You should give your landlord a reasonable amount of time to carry out repairs. If you are having difficulty contacting your landlord or your landlord has refused to carry out essential repairs you may be able to get help from your local council.
Housing Executive tenants have rights which are set out in law. You are an introductory tenant for the first year of your tenancy. After 12 months you’ll become a secure tenant. Secure tenants have stronger rights than introductory tenants.
Your housing association must make sure that your home is safe to live in. Your tenancy agreement should explain whether you or your housing association is responsible for repairs. Ask your landlord for a copy of your agreement if you don’t already have one.
You’ll be responsible for dealing with many of the repairing issues in your home. Tenants are responsible for decorating the inside of the property, including carpeting and flooring and you’ll also be responsible for looking after your garden. Your landlord will usually deal with any structural problems or faults with the heating, plumbing and electrical systems.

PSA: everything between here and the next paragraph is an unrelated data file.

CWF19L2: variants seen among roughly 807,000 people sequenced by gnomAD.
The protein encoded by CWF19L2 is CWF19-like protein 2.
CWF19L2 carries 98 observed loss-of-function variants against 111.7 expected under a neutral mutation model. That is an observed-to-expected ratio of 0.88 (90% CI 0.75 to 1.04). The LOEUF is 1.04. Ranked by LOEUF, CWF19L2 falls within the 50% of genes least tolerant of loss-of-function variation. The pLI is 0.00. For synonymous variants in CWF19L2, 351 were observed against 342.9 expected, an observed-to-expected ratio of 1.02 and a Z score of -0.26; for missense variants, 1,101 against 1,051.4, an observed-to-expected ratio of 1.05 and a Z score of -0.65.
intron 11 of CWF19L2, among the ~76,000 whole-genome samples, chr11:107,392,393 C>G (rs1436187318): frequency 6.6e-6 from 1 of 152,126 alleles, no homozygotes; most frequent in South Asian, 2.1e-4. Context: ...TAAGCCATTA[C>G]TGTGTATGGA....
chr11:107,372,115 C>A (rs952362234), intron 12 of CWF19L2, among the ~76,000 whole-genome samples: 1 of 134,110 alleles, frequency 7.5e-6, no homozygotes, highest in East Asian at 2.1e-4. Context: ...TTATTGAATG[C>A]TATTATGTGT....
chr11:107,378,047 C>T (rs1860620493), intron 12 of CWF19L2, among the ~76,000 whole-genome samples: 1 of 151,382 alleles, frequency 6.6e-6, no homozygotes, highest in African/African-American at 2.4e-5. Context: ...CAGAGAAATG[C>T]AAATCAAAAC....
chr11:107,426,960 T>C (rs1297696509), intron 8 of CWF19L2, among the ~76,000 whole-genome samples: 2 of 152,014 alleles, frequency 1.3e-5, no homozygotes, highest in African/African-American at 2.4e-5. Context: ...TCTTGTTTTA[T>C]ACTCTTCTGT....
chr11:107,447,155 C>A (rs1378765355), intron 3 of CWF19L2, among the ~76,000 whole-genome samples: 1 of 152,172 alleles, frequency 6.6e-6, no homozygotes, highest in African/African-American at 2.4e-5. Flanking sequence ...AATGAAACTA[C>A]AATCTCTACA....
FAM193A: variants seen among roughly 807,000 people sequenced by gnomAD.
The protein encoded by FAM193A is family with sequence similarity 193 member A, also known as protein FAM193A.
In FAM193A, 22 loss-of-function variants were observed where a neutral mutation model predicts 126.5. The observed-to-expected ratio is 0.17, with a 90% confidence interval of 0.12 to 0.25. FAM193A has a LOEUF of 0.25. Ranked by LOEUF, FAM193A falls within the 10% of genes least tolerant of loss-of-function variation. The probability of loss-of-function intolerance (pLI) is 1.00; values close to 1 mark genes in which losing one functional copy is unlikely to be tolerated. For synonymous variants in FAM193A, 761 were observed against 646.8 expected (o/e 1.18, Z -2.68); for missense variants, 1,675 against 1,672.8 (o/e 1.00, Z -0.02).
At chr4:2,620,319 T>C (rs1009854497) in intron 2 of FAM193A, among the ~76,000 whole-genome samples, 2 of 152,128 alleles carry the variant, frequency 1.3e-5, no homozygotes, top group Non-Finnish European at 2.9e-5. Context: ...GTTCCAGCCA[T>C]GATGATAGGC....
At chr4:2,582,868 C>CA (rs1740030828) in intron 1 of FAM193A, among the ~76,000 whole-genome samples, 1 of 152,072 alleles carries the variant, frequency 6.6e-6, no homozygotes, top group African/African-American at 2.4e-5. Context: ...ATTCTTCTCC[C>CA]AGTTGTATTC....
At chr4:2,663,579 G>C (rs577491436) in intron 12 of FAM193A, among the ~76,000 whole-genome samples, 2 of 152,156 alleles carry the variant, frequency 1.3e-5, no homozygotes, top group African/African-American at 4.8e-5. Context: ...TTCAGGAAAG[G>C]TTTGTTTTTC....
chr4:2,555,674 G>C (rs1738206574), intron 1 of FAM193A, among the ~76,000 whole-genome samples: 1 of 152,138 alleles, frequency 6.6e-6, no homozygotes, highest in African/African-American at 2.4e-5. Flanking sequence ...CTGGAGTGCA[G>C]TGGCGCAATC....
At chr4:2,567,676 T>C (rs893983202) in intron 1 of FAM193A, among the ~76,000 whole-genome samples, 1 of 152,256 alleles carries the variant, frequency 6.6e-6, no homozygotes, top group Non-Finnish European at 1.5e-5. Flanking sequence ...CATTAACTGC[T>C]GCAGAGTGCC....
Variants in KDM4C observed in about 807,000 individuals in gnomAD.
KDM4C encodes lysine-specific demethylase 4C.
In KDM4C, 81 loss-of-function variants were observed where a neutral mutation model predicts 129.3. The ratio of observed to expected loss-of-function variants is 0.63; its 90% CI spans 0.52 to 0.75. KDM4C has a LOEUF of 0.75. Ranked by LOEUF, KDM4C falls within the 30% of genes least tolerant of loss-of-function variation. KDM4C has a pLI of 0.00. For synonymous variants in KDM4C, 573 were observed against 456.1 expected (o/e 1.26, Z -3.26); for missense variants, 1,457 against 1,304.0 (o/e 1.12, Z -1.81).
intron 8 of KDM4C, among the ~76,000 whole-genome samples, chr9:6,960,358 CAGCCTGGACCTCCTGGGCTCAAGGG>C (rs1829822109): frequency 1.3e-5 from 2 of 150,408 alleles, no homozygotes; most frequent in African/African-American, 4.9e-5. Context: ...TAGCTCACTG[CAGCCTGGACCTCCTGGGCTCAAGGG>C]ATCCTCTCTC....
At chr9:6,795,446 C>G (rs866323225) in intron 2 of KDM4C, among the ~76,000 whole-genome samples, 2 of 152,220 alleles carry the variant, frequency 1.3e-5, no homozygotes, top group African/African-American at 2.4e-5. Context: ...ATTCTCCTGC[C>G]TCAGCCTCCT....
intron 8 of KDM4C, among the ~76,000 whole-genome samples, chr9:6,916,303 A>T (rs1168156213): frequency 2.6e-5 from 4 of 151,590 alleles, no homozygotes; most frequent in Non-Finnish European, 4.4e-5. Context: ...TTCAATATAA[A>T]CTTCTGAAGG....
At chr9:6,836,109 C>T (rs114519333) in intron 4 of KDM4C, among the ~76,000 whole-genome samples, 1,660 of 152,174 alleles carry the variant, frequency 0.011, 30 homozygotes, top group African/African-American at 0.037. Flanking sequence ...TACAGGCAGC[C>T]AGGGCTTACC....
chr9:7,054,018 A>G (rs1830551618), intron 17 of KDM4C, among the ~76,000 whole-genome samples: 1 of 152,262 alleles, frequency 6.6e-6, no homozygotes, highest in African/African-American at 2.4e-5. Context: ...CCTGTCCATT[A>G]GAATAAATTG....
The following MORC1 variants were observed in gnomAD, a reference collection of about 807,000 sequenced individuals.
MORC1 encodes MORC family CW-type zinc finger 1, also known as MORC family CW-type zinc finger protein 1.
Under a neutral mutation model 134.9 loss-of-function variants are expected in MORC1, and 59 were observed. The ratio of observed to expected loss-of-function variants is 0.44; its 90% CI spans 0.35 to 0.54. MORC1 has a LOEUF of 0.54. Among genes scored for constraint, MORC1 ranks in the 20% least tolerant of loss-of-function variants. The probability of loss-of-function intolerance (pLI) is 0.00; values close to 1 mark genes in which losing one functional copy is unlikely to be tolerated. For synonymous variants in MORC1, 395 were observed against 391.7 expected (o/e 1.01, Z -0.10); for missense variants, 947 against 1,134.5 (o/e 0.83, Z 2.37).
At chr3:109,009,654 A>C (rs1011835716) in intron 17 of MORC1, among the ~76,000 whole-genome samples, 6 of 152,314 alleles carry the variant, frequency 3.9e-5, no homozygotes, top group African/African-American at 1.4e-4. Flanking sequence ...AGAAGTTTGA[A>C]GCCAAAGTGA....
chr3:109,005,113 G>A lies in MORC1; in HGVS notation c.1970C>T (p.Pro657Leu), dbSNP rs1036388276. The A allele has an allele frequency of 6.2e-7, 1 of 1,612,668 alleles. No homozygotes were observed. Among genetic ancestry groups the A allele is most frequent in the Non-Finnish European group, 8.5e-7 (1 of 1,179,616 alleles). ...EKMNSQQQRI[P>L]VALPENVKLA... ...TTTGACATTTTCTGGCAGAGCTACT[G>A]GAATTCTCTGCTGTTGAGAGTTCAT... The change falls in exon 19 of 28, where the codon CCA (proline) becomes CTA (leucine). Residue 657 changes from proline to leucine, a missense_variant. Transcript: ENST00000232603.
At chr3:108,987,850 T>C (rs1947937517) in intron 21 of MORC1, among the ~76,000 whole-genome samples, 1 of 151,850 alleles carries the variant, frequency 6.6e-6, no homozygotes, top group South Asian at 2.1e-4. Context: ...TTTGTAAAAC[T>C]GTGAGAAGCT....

You are usually responsible for carrying out any repairs or improvements once you have bought your home. It's very difficult to get grant approval from the Housing Executive to help you with the cost of repairs. These days, this type of grant will only be awarded if the Housing Executive believes the condition of the property is likely to cause a very real and very serious risk to the life of the person living in it.
Your lease will outline whether the freeholder has any responsibility for repairs. If you own a leasehold flat the freeholder may be responsible for repairs to the structure of the building, or shared areas. If you own a leasehold house it is unlikely that your freeholder will be responsible for repairs.